Important Notice:
This site has moved to, please update your bookmarks. If you were looking for a specific post, you can use the site search option or archives at the new domain to find it. Thank you!

Tuesday, December 04, 2007

Racial or Business Decision?

I work at a relatively small financial institution in a large city. My division is running a month-long promotion to attract new customers. My boss has pretty much being signing off on all the promotional materials we will be needing from our design department. I haven't been allowed any input. When the promo materials first came over for approval, the items featured pictures of two families, one Caucasian family, and one African American family. Both my boss and her boss decided that the pieces looked "too crowded" and asked that the African American family be removed. I was unaware of this discussion at the time and only found out about it later but given that I am a subordinate, I likely would not have been able to have a say in the matter. Previous experience leads me to conclude that.

Well, because of an error when the electronic files for the posters were sent to the printer, the first version of the signs were printed, the ones that included the African American family. Since it was the design department's error, and not the printer's, the printer rightly refused to reprint the signs for free. My boss then demanded that the design department foot the nearly $1,000 bill for reprinting the signs. At this point, I did learn the full story and asked why we needed to reprint the signs at all? There were no real errors on the signs. The only "problem" was the inclusion of the African American family. The decision to remove the family from the rest of the materials was bad enough but why were we spending more money to compound the issue? I was told that the decision was made and to stay out of it.

HR Lady, what is going on here is making me sick. I am one of only two non-white employees on our floor and the only non-white manager in this division. I have tried to explain to the people I work with why this decision bothers me and no one will listen. I don't feel Like I can go to HR because my boss' superior, who made the decision, is the son of the Board Chairman and I seriously doubt that he will care what I have to say. HR is, as a result, very weak in this company. Everyone
answers to the Board chairman and his son and does whatever they say. Do I have any other recourse?

What type of recourse are you looking for?

Stop and think about that. Just what would you like to see happen? An apology? To whom? To you? Why? Because you are non-white and the family they removed from the photograph was non-white? If they had made the decision to remove the white family and left the black family there, would they need to apologize to the white people at the office?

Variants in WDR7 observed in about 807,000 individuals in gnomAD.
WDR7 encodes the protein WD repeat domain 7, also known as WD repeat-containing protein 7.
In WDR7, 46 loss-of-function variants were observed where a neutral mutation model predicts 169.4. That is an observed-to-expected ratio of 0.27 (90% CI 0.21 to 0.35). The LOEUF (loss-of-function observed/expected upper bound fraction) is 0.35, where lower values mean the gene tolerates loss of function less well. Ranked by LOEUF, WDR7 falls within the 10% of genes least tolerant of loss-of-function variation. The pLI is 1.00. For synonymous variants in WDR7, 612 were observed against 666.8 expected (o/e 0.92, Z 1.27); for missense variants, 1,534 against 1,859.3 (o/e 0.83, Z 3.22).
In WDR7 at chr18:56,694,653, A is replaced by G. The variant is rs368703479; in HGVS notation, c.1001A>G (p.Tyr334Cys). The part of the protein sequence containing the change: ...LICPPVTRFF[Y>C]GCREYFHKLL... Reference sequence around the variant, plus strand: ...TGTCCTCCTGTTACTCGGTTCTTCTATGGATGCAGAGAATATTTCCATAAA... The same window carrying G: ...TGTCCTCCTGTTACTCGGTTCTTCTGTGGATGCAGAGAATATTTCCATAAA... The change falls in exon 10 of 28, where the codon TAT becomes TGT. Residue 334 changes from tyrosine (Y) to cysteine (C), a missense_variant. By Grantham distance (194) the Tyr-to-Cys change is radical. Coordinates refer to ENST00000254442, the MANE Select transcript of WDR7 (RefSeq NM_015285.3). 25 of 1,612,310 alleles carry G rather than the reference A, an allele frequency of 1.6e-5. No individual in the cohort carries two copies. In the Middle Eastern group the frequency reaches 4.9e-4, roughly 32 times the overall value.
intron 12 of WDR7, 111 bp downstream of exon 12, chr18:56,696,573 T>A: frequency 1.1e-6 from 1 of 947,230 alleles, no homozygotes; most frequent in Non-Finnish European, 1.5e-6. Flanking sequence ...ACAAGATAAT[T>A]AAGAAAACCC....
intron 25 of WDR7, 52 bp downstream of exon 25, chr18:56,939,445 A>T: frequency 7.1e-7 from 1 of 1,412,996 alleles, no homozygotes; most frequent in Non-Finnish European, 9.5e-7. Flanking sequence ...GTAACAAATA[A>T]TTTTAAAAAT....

I realize I'm being annoying and not making you feel any better. I just want you to think through what you are asking for and why you are asking it.

You were hurt by their decision. It sounds like your department took a financial hit as well. But, if the picture was too crowded and one family had to go, how do you know it wasn't done with a coin toss? A $1000 print run sounds awfully small to me, so was this directed towards a specific community? If so, what was the racial make-up of that community? More white than black? Maybe it made good business sense.

From your e-mail, I have no idea if the people you work for have racist feelings or not. In my experience, most people do not. They are trying to do what is best for the business. They may not have the same experiences you do, and as such they may make decisions that can have unintended consequences.

So, what's your responsibility here? If you believe that their decisions involving race are having a detrimental effect on office morale or business results, then you need to be able to show that. Not through, "it's not fair and it makes me angry," but through facts and figures.

The conversation goes something like this:

You: Bob and Karen, I've been running some numbers and I've learned the following. Our market area is 43% minority, but 95% of our print ads feature white people only. I'm wondering if we're missing out on some potential clients because of our advertising decisions.

Karen: I'm not sure changing our ads would increase our minority clients. Remember, 57% of the market area is white.

Bob: We don't want to offend the majority of our target audience.

You: I've thought about both of those things. Here is some information that shows...

And then you present your research. This will go over much better than, "You took the African American family out of the picture for no good reason you racists!"

It's not always about race, although sometimes people feel that it is. Give people the benefit of the doubt.

No comments: